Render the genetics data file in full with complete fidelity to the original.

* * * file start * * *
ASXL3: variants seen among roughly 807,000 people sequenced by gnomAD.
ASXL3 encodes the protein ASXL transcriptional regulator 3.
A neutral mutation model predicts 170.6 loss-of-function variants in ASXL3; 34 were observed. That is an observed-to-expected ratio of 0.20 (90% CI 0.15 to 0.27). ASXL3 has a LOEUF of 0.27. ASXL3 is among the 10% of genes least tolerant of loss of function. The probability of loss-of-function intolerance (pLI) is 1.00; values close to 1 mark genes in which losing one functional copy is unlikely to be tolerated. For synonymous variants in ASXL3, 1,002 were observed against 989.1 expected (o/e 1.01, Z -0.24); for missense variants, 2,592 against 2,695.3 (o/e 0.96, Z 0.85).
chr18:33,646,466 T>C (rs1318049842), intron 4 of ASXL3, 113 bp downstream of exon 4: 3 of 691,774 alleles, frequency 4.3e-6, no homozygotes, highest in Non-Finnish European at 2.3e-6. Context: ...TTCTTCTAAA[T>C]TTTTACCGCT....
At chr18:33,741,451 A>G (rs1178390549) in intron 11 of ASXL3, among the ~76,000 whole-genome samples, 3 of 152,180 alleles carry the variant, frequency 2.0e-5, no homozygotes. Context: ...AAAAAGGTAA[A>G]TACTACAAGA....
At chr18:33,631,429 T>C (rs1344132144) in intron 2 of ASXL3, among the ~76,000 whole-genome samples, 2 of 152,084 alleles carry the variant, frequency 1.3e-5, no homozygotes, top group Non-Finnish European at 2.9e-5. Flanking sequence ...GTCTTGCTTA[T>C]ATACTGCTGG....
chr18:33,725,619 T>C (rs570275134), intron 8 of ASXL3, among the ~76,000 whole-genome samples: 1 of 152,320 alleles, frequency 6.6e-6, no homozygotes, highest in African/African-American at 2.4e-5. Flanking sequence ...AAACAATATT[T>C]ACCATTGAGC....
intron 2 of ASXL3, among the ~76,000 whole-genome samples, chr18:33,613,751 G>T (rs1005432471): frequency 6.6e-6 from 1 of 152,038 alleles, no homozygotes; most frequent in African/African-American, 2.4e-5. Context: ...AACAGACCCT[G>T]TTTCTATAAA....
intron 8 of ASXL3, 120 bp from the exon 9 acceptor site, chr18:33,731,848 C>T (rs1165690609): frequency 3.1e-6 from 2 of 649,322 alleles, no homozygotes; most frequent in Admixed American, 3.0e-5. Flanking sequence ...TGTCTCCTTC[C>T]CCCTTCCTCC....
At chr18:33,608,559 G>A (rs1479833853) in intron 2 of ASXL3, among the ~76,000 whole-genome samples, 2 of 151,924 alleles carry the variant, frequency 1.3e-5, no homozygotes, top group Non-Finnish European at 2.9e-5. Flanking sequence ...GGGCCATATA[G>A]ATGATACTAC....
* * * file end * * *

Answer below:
ASXL3: variants seen among roughly 807,000 people sequenced by gnomAD.
ASXL3 encodes the protein ASXL transcriptional regulator 3.
A neutral mutation model predicts 170.6 loss-of-function variants in ASXL3; 34 were observed. That is an observed-to-expected ratio of 0.20 (90% CI 0.15 to 0.27). ASXL3 has a LOEUF of 0.27. ASXL3 is among the 10% of genes least tolerant of loss of function. The probability of loss-of-function intolerance (pLI) is 1.00; values close to 1 mark genes in which losing one functional copy is unlikely to be tolerated. For synonymous variants in ASXL3, 1,002 were observed against 989.1 expected (o/e 1.01, Z -0.24); for missense variants, 2,592 against 2,695.3 (o/e 0.96, Z 0.85).
chr18:33,646,466 T>C (rs1318049842), intron 4 of ASXL3, 113 bp downstream of exon 4: 3 of 691,774 alleles, frequency 4.3e-6, no homozygotes, highest in Non-Finnish European at 2.3e-6. Context: ...TTCTTCTAAA[T>C]TTTTACCGCT....
At chr18:33,741,451 A>G (rs1178390549) in intron 11 of ASXL3, among the ~76,000 whole-genome samples, 3 of 152,180 alleles carry the variant, frequency 2.0e-5, no homozygotes. Context: ...AAAAAGGTAA[A>G]TACTACAAGA....
At chr18:33,631,429 T>C (rs1344132144) in intron 2 of ASXL3, among the ~76,000 whole-genome samples, 2 of 152,084 alleles carry the variant, frequency 1.3e-5, no homozygotes, top group Non-Finnish European at 2.9e-5. Flanking sequence ...GTCTTGCTTA[T>C]ATACTGCTGG....
chr18:33,725,619 T>C (rs570275134), intron 8 of ASXL3, among the ~76,000 whole-genome samples: 1 of 152,320 alleles, frequency 6.6e-6, no homozygotes, highest in African/African-American at 2.4e-5. Flanking sequence ...AAACAATATT[T>C]ACCATTGAGC....
intron 2 of ASXL3, among the ~76,000 whole-genome samples, chr18:33,613,751 G>T (rs1005432471): frequency 6.6e-6 from 1 of 152,038 alleles, no homozygotes; most frequent in African/African-American, 2.4e-5. Context: ...AACAGACCCT[G>T]TTTCTATAAA....
intron 8 of ASXL3, 120 bp from the exon 9 acceptor site, chr18:33,731,848 C>T (rs1165690609): frequency 3.1e-6 from 2 of 649,322 alleles, no homozygotes; most frequent in Admixed American, 3.0e-5. Flanking sequence ...TGTCTCCTTC[C>T]CCCTTCCTCC....
At chr18:33,608,559 G>A (rs1479833853) in intron 2 of ASXL3, among the ~76,000 whole-genome samples, 2 of 151,924 alleles carry the variant, frequency 1.3e-5, no homozygotes, top group Non-Finnish European at 2.9e-5. Flanking sequence ...GGGCCATATA[G>A]ATGATACTAC....